While this will work just fine with any kind of text, it is virtually guaranteed to corrupt any binary data. With the default text encoding you get a doubling of the original bytes and a bunch of new 0x0D bytes, too. The corruption fundamentally happens when the data is split into a string array. Using a binary encoder at the end of the pipeline doesn’t put the data back correctly because it always puts CRLF at the end of every array element. Unfortunately since there is more than one possible end of line sequence, this is as good as anything. Using a Windows to Unix conversion will not fix the file. There is no way to put humpty dumpty back together again.

To Sum Up, Just Don’t Do It

The moral is that it is never safe to pipe raw binary data in PowerShell. Pipes in PowerShell are for objects and text that can safely be automagically converted to a string array. You need to be cognizant of this and use Stream objects to manipulate binary files.

When using curl with PowerShell, never, never redirect to file with >. Always use the –o or –out <file>switch. If you need to stream the output of curl to another utility (say gpg) then you need to sub-shell into cmd for the binary streaming or use temporary files.

WONTFIX: select(2) in SUA 5.2 ignores timeout

With Windows Server 2003 R2, Microsoft incorporated Services for UNIX as a set of operating system components. The POSIX subsystem, Interix, is called the Subsystem for UNIX Applications (SUA) in Windows Server 2003 R2 and later.

Interix is the internal name of the Windows Posix Subsystem (PSXSS) that is based on OpenBSD and operates as an independent sister subsystem with the Windows subsystem (aka CSRSS or Client/Server Runtime Subsystem).

With the first version of SUA, aka Interix 5.2, Microsoft added a bunch of new UNIX APIs. Unfortunately the broke some things that were previously working in the previous edition which was called Interix 3.5 (aka Services for UNIX 3.5).

For example, select(2) is broken in SUA 5.2. It completely ignores the timeouts provided as arguments and returns immediately.

From the POSIX specification:

If the timeout parameter is not a null pointer, it specifies a maximum interval to wait for the selection to complete. If the specified time interval expires without any requested operation becoming ready, the function shall return. If the timeout parameter is a null pointer, then the call to pselect() or select() shall block indefinitely until at least one descriptor meets the specified criteria. To effect a poll, the timeout parameter should not be a null pointer, and should point to a zero-valued timespec structure.

Here is a little test program. What should happen is that select() should block for 10 seconds every time through the loop.

#include <stdio.h>;
#include <sys/time.h>

int main()
	printf("Testing select(2). Each pass through the loop should pause 10 seconds.\n\n");

	struct timeval time, pause;
	pause.tv_sec  = 10;
	pause.tv_usec = 0;
	int i;

	for( i=0; i&lt;10; i++ )
		//insert a 10 second pause on every loop to test select().		
		gettimeofday(&amp;time, 0);
		printf(";Current time: %d\n", time.tv_sec);
		time.tv_sec += 10L;
		printf("Add 10 seconds: %d... And pause by calling select(2).\n", time.tv_sec);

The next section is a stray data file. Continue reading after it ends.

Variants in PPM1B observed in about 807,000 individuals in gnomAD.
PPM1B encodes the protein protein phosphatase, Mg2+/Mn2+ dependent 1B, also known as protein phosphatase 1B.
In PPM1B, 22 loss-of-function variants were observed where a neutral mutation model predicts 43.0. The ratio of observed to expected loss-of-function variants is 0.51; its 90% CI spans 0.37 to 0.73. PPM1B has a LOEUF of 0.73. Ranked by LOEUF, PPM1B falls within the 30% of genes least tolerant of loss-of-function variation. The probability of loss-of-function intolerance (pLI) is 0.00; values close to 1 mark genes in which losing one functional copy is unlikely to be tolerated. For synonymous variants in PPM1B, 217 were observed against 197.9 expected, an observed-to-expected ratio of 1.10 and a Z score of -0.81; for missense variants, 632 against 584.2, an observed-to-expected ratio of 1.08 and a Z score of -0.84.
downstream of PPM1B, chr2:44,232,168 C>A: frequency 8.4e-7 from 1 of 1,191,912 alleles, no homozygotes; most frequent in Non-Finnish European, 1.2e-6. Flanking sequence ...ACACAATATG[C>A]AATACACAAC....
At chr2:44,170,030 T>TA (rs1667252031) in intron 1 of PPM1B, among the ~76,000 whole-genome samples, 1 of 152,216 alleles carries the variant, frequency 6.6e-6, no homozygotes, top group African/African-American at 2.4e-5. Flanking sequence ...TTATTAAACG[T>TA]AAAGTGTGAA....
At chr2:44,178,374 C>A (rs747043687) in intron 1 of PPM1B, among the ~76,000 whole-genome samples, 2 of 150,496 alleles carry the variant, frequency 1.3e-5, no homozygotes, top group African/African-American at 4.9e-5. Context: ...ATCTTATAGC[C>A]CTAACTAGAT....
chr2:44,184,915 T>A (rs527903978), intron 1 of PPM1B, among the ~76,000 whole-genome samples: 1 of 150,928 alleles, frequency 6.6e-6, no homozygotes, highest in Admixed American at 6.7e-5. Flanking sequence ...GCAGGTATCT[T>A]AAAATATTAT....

(void) select(0, 0, 0, 0, &pause);
	return 0;

What actually happens is select() returns immediately.

% uname -svrm
Interix 5.2 SP-9.0.3790.4125 EM64T
% gcc selecttest.c -o selecttest 
% ./selecttest 
Testing select(2). Each pass through the loop should pause 10 seconds. 

Current time: 1142434664 
Add 10 seconds: 1142434674... And pause by calling select(2). 
Current time: 1142434664 
Add 10 seconds: 1142434674... And pause by calling select(2). 
Current time: 1142434664 
Add 10 seconds: 1142434674... And pause by calling select(2). 
Current time: 1142434664 
Add 10 seconds: 1142434674... And pause by calling select(2). 
Current time: 1142434664 
Add 10 seconds: 1142434674... And pause by calling select(2). 
Current time: 1142434664 
Add 10 seconds: 1142434674... And pause by calling select(2). 
Current time: 1142434664 
Add 10 seconds: 1142434674... And pause by calling select(2). 
Current time: 1142434664 
Add 10 seconds: 1142434674... And pause by calling select(2). 
Current time: 1142434664 
Add 10 seconds: 1142434674... And pause by calling select(2). 
Current time: 1142434664 
Add 10 seconds: 1142434674... And pause by calling select(2).

The test run above should have taken 100 seconds but it actually completes in less than 1 second. This is a problem because many UNIX applications will use select() as a timing mechanism. Some will use select() as a timer even if they aren’t doing IO.

There is good news and bad news.

The bad news is that MSFT told me that the won’t fix this issue. Their official guidance is to use sleep(2) and usleep(2) to control timeouts in Interix 52.

The good news is that select(2) works properly on Interix 6.0 with Windows Vista and Windows Server 2008.

Fix Adobe’s broken PDF preview in x64 Windows

Adobe’s PDF previewer control doesn’t work correctly in x64 Windows because the Adobe Acrobat installer has a bug since June 2007. To be clear, the PDF preview handler works fine on x64 Windows but the Adobe Acrobat Reader setup program doesn’t install it correctly.

This affects previews in the Explorer shell and Outlook 2007/2010.


Fortunately, Leo Davidson has solved the problem and developed a little utility to fix the Adobe PDF preview control on x64 Windows.


Wow. This installer defect has been there for what, 2 1/2 years. Seriously Adobe, this is just sad. Please fix it and while you are at it, send a nice thank you to Leo for solving the issue.